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Since 1973 Linda Jacobs Davis has worked and volunteered for numerous local and national nonprofit organizations on a diversity of issues.
Born in Coral Gables, Florida after her parents left Philadelphia to start their life together, Linda was raised in a family where both parents worked and volunteered; her mother active in the Jewish congregation and her father with youth sports.
As a teenager, Linda grew increasingly interested in social issues, beginning with the green party, civil rights, and the women’s movement.
Fiercely independent from an early age, Linda rebelled against establishment, rules and gender bias; refusing to stand for the national anthem during high school, questioning why boys couldn’t have hair longer than their ears, arguing over rules set on clothing restrictions and wondering why women were not paid equal to men and were not represented in leadership positions – business and political.
At the University of South Florida, Linda studied dance, art history and women’s studies earning a Bachelor of Fine Arts. It was there that Linda began studying the subject of transformation and leadership and where she met her husband. They moved to San Francisco in 1978 to work for Werner Erhard and the EST organization, a program that inspires its participants to make a difference for people in all walks of life, bringing to the forefront the ideas of transformation, personal responsibility, accountability and possibility.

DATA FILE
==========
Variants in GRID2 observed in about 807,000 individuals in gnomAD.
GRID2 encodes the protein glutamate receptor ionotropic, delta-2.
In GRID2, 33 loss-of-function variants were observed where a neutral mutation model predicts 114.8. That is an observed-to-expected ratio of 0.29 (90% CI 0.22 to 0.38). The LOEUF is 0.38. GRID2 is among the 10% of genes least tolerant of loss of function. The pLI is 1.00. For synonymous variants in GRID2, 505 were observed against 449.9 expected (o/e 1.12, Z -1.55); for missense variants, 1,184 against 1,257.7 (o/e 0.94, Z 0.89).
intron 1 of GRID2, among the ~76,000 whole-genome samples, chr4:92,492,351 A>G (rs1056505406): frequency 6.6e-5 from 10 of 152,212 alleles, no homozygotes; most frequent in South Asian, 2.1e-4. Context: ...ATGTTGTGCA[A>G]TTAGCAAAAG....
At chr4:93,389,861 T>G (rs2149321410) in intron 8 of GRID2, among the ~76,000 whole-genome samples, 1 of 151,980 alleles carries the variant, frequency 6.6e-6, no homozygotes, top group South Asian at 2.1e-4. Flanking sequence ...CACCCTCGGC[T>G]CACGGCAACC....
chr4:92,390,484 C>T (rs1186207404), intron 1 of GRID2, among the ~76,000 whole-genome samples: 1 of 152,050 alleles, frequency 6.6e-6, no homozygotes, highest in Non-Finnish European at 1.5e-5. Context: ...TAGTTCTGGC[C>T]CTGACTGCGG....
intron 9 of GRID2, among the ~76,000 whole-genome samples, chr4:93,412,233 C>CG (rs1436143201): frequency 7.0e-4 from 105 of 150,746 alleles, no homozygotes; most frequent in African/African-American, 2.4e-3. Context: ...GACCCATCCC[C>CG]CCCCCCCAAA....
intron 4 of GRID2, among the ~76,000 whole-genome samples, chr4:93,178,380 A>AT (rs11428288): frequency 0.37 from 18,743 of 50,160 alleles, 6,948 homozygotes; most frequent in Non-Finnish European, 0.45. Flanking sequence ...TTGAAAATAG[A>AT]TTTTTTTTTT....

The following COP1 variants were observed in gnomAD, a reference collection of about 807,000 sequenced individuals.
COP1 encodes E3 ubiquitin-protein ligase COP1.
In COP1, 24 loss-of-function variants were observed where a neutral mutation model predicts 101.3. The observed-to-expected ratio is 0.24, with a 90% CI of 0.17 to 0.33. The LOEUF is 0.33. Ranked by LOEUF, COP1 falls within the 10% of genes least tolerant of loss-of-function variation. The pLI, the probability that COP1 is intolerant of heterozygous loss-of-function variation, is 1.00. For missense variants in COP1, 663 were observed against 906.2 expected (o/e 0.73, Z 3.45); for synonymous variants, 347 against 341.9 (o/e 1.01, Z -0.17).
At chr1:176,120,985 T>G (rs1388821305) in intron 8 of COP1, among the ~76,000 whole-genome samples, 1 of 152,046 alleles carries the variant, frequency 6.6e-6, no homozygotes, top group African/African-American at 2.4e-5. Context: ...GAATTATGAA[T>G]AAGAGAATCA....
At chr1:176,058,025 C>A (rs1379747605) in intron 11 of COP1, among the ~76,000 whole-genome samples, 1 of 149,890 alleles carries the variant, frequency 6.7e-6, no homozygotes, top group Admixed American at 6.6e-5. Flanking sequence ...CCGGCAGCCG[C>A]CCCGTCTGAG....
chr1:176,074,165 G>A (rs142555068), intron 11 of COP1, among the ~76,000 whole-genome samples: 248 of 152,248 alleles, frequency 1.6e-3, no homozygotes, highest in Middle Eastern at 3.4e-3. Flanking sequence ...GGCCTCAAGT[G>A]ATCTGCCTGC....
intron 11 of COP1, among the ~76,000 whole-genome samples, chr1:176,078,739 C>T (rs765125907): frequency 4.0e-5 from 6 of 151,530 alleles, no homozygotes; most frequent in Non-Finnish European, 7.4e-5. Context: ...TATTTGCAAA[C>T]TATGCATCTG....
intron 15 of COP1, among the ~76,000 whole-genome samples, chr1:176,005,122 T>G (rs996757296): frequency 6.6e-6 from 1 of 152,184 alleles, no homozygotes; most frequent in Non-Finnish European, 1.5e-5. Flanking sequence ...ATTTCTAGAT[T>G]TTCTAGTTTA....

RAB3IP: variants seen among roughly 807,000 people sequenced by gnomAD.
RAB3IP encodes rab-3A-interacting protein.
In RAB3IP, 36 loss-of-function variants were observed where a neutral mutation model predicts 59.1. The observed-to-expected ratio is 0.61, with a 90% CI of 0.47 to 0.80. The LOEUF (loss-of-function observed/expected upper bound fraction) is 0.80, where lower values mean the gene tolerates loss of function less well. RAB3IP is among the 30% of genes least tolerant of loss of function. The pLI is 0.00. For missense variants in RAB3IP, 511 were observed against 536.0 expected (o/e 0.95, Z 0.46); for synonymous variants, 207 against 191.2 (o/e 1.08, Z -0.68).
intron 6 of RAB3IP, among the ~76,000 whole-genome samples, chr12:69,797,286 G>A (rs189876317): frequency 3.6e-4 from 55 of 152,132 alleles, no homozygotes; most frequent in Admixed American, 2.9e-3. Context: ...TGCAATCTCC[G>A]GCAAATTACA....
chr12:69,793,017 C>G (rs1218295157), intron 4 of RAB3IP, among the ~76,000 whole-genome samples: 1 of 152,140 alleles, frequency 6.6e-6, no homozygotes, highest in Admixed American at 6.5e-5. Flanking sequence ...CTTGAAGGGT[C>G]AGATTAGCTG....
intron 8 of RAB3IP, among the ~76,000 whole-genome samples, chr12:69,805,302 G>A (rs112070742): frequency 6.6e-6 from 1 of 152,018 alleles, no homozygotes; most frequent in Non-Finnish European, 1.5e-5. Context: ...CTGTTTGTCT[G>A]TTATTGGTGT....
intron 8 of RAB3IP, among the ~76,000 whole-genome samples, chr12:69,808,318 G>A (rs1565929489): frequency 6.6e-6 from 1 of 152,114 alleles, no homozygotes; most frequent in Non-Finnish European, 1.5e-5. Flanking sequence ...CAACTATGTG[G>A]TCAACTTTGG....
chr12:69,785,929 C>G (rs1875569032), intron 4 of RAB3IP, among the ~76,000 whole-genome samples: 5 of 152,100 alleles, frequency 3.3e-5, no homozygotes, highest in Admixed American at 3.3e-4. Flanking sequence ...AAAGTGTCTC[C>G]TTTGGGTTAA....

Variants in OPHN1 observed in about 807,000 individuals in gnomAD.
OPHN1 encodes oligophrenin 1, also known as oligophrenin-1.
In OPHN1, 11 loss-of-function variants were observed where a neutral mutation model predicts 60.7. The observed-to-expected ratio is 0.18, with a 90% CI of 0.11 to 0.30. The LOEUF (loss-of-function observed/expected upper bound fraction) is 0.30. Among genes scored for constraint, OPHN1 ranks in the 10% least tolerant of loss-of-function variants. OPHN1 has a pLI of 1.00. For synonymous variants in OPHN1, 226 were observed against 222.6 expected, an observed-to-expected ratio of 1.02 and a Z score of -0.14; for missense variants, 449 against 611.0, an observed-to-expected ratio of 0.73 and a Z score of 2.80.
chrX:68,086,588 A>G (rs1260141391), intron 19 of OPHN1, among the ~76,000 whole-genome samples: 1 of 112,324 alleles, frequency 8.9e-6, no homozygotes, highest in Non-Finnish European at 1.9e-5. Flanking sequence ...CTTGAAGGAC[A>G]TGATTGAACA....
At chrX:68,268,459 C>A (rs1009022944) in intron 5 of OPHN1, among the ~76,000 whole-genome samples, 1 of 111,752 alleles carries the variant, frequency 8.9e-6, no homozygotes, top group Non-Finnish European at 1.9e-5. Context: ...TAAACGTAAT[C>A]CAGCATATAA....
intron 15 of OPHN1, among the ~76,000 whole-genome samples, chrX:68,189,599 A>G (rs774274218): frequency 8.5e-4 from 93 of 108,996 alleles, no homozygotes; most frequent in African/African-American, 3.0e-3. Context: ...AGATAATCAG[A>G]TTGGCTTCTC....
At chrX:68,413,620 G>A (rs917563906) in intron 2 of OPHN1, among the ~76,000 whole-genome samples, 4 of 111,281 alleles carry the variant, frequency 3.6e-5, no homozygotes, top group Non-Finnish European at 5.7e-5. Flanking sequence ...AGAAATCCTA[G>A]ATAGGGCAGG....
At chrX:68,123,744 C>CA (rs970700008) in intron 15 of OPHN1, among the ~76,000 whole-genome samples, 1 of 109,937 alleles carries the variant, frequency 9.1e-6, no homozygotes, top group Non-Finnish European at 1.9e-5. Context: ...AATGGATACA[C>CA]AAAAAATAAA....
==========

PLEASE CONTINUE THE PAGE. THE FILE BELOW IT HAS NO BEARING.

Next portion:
While traveling the U.S. as a volunteer seminar leader she learned of an organization dedicated to changing the lives of youth at risk. The Breakthrough Foundation was a nonprofit that produced breakthroughs in communities and more importantly in the lives of young people age 10-20, all of whom either had a history of violence, drugs and crime or were headed in that direction. During her seven-year tenure there she created a funding stream to scholarship all youth who participated, transforming and saving the lives of many by breaking their gang attachment.
In 1987 Linda’s husband died suddenly. Struggling to find herself, Linda left her job and opened an art gallery in San Francisco, incorporating her education and love of art. However, being out of the nonprofit sector didn’t last long. In 1989-1990 Linda married again, delivered two sons (one two days before the Loma Preieta Earthquake) closed the gallery, and spent a year fulfilling the ‘bucket list’ of her best friend who died of a brain tumor.